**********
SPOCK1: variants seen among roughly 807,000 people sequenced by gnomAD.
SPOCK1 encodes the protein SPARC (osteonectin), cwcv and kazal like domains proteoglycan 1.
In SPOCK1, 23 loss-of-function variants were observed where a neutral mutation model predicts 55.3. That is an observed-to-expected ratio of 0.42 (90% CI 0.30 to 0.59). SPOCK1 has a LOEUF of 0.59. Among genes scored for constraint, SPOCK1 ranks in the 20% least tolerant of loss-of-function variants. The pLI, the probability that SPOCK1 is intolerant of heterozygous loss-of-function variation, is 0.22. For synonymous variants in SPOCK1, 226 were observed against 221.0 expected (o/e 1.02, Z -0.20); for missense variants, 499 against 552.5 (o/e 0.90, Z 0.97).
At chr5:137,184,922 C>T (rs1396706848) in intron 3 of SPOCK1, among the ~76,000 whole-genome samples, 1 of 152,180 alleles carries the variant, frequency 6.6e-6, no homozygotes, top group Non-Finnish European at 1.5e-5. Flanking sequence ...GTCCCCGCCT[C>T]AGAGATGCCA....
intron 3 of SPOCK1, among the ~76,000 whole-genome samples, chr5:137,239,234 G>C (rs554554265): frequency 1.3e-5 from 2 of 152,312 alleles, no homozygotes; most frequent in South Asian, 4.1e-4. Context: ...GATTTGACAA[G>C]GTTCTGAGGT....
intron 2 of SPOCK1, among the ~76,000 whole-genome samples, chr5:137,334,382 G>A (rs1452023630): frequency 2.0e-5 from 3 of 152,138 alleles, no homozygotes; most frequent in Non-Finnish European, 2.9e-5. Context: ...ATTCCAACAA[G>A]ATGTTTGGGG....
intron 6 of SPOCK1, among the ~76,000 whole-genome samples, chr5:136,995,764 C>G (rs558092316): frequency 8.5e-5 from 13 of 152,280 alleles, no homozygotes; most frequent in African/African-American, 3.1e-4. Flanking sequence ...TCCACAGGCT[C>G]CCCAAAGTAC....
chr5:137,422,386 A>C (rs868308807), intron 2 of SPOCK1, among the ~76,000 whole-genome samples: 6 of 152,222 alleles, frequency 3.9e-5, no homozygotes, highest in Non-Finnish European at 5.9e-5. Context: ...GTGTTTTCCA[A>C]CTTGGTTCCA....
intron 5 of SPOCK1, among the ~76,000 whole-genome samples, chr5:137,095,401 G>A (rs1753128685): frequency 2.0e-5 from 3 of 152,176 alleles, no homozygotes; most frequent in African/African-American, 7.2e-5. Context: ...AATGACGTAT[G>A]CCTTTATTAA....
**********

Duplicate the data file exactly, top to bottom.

SPOCK1: variants seen among roughly 807,000 people sequenced by gnomAD.
SPOCK1 encodes the protein SPARC (osteonectin), cwcv and kazal like domains proteoglycan 1.
In SPOCK1, 23 loss-of-function variants were observed where a neutral mutation model predicts 55.3. That is an observed-to-expected ratio of 0.42 (90% CI 0.30 to 0.59). SPOCK1 has a LOEUF of 0.59. Among genes scored for constraint, SPOCK1 ranks in the 20% least tolerant of loss-of-function variants. The pLI, the probability that SPOCK1 is intolerant of heterozygous loss-of-function variation, is 0.22. For synonymous variants in SPOCK1, 226 were observed against 221.0 expected (o/e 1.02, Z -0.20); for missense variants, 499 against 552.5 (o/e 0.90, Z 0.97).
At chr5:137,184,922 C>T (rs1396706848) in intron 3 of SPOCK1, among the ~76,000 whole-genome samples, 1 of 152,180 alleles carries the variant, frequency 6.6e-6, no homozygotes, top group Non-Finnish European at 1.5e-5. Flanking sequence ...GTCCCCGCCT[C>T]AGAGATGCCA....
intron 3 of SPOCK1, among the ~76,000 whole-genome samples, chr5:137,239,234 G>C (rs554554265): frequency 1.3e-5 from 2 of 152,312 alleles, no homozygotes; most frequent in South Asian, 4.1e-4. Context: ...GATTTGACAA[G>C]GTTCTGAGGT....
intron 2 of SPOCK1, among the ~76,000 whole-genome samples, chr5:137,334,382 G>A (rs1452023630): frequency 2.0e-5 from 3 of 152,138 alleles, no homozygotes; most frequent in Non-Finnish European, 2.9e-5. Context: ...ATTCCAACAA[G>A]ATGTTTGGGG....
intron 6 of SPOCK1, among the ~76,000 whole-genome samples, chr5:136,995,764 C>G (rs558092316): frequency 8.5e-5 from 13 of 152,280 alleles, no homozygotes; most frequent in African/African-American, 3.1e-4. Flanking sequence ...TCCACAGGCT[C>G]CCCAAAGTAC....
chr5:137,422,386 A>C (rs868308807), intron 2 of SPOCK1, among the ~76,000 whole-genome samples: 6 of 152,222 alleles, frequency 3.9e-5, no homozygotes, highest in Non-Finnish European at 5.9e-5. Context: ...GTGTTTTCCA[A>C]CTTGGTTCCA....
intron 5 of SPOCK1, among the ~76,000 whole-genome samples, chr5:137,095,401 G>A (rs1753128685): frequency 2.0e-5 from 3 of 152,176 alleles, no homozygotes; most frequent in African/African-American, 7.2e-5. Context: ...AATGACGTAT[G>A]CCTTTATTAA....